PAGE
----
By the way, one thing I have noticed in the last half-decade or so is that the young South Koreans celebrate Halloween these days to the point that the holiday crowd could claim a pretty noticeable presence, especially in areas like Itaewon and college campuses. Like Valentine's Day, celebration of Halloween in the current Asianized, predominantly youth-oriented, commercialized form, was developed first in Japan and imported into Korea, but these days Halloween in Korea appears to supersede the Japanese version in its popularity, at least in some respects.
Japan of course has a long history of "adapting" Euro-American social rituals into their own hybrid forms: commercialism plays a big role in this. Those who have spent some time in Japan might have recognized that, for instance, Valentine's Day in Japan has been transformed, following their gender-segregated customs, into a day when women gift men-- boyfriends, husbands, attractive co-workers, etc.-- with boxes of chocolate. Men are supposed to reciprocate by buying women "return gifts" in "White Day," March 14, which as far as was entirely invented by Japanese, but it has now apparently spread to South Korea, Hong Kong, Taiwan, Malaysia and China, among other countries.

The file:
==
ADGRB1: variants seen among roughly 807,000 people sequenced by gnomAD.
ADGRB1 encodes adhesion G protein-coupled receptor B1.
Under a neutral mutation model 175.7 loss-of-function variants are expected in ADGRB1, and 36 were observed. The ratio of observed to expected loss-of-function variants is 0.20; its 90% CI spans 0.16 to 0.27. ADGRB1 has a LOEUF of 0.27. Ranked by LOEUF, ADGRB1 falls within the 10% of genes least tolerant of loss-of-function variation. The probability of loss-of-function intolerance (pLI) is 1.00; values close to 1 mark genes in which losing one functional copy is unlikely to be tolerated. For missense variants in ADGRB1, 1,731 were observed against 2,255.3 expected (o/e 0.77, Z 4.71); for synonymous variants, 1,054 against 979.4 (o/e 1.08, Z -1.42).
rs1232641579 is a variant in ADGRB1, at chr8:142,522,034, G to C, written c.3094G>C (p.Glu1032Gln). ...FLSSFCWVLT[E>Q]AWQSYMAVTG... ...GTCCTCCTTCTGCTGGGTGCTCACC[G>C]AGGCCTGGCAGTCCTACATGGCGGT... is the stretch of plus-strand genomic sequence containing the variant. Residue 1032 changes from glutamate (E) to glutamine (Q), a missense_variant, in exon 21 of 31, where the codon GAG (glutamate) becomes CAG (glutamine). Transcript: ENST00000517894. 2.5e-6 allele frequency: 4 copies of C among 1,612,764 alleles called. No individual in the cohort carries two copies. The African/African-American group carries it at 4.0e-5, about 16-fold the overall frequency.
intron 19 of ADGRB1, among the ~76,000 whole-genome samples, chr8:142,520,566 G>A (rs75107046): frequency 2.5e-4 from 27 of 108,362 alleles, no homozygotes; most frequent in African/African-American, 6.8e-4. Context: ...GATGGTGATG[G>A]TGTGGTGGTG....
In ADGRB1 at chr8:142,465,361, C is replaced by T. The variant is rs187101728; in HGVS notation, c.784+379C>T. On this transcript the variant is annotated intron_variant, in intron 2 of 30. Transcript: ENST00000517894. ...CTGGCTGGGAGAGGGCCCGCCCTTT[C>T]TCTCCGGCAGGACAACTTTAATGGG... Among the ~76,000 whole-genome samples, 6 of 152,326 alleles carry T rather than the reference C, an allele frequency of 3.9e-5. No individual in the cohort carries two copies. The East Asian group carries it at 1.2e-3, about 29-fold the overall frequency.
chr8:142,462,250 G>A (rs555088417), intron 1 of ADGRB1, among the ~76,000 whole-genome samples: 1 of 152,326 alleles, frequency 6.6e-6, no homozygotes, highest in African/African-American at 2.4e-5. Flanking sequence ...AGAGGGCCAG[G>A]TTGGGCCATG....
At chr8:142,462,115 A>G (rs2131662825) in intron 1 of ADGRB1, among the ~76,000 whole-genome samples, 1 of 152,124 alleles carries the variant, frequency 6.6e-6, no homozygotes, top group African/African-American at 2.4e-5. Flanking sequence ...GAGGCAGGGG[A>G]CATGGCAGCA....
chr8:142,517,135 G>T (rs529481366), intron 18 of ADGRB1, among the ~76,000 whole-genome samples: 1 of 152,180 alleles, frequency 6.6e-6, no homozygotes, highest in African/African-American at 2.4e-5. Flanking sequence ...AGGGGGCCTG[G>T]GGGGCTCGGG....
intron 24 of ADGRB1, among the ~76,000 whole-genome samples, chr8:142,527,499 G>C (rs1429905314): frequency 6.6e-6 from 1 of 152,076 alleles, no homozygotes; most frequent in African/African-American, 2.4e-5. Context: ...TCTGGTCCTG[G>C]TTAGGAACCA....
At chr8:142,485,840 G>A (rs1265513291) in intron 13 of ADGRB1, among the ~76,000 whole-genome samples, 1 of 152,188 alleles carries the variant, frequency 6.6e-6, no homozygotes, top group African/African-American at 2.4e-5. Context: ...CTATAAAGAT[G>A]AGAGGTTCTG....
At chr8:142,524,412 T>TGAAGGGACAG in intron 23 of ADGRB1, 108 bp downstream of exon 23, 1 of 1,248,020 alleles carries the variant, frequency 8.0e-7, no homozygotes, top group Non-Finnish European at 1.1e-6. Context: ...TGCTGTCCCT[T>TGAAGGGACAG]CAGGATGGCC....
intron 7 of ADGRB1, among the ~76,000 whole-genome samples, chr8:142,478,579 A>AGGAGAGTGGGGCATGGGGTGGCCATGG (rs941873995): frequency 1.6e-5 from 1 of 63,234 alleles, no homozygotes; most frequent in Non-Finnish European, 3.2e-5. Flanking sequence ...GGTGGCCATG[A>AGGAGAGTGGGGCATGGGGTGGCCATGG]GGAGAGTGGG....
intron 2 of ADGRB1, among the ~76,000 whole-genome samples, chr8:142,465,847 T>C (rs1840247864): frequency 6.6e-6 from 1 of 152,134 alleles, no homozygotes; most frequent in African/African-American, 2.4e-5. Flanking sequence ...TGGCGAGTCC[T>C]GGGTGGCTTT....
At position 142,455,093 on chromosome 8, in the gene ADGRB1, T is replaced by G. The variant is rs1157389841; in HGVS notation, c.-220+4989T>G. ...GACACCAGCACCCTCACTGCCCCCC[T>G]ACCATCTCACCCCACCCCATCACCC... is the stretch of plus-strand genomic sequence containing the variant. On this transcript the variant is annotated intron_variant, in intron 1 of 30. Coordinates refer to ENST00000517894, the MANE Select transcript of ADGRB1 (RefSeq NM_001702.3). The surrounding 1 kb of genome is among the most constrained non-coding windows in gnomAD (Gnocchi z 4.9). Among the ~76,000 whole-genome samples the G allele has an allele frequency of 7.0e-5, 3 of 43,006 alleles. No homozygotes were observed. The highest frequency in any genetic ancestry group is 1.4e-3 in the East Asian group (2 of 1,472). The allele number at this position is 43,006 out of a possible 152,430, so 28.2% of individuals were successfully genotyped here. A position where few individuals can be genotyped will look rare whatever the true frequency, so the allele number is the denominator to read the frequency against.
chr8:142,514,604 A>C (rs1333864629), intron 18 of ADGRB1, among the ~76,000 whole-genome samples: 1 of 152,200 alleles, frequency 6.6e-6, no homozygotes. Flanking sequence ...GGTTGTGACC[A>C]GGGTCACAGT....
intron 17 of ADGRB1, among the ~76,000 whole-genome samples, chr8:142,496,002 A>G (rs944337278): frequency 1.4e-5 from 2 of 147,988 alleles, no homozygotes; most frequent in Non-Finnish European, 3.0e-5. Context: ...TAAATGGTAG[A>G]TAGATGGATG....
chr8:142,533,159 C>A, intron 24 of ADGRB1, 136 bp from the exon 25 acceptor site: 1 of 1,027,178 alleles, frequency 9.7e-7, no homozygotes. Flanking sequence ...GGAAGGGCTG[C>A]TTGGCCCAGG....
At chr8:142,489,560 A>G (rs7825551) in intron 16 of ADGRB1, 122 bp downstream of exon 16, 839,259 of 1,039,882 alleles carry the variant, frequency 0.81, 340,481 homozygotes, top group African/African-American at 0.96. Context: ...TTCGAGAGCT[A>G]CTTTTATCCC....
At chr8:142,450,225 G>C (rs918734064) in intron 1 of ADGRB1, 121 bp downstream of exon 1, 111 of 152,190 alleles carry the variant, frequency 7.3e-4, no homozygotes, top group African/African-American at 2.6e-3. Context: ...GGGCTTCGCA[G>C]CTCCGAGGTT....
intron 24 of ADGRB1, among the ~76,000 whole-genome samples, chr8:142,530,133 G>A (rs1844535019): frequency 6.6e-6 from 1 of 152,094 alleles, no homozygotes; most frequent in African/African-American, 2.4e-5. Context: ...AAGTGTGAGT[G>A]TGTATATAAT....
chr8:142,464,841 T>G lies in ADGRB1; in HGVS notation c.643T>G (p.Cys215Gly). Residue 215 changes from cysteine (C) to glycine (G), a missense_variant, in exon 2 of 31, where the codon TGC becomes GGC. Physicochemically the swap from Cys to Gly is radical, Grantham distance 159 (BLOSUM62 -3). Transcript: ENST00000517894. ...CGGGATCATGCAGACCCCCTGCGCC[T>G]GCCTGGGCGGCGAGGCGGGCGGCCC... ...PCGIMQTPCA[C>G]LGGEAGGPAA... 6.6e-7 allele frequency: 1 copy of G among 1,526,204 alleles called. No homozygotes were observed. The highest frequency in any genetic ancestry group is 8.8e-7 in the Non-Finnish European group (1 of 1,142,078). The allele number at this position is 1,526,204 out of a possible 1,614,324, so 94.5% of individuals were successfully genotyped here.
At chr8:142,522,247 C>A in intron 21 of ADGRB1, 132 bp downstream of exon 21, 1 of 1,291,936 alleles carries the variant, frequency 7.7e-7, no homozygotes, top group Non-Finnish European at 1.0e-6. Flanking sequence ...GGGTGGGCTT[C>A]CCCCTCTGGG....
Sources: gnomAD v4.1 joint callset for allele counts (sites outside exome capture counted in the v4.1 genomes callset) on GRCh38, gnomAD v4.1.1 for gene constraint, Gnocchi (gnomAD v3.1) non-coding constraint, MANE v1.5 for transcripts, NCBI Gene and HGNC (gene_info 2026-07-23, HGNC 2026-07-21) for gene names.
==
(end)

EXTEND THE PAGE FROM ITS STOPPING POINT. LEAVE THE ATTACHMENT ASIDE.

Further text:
Professor Yi Taek-kwang, Kyung Hee University, in an interview explains that the Halloween celebration in South Korea first took off in the day-care centers and private academies teaching English. Combined with this is the Japanese practice of kosupure or "costume plays," (now exported into the US and becoming super-popular here as well) dressing and making yourself up into your favorite popular culture character. So, even though the horrific, thrill-seeking aspect of Halloween remains recognizable in Korean celebrations of it-- dressing up as traditional Korean "virgin" ghosts or zombies seem to be very popular--, it also provides young folks to essentially stage costumed parties. Not surprisingly, social media such as Instagram and Twitter have played an important role in boosting its popularity among South Koreans.
-- countesy: 단국대학신문
A fascinating, but also in a way predictable pattern, isn't it? English-learning, the US, plus commercialization of social rituals, Japan, plus the influence of social media, equal what we have today. But who am I to complain? Halloween is one of my favorite celebrations (along with Thanksgiving) of a year, and perhaps in the near future theatrical bookings of the new Korean horror films would all take place around October 31, rather than in the summer season, as they traditionally have been.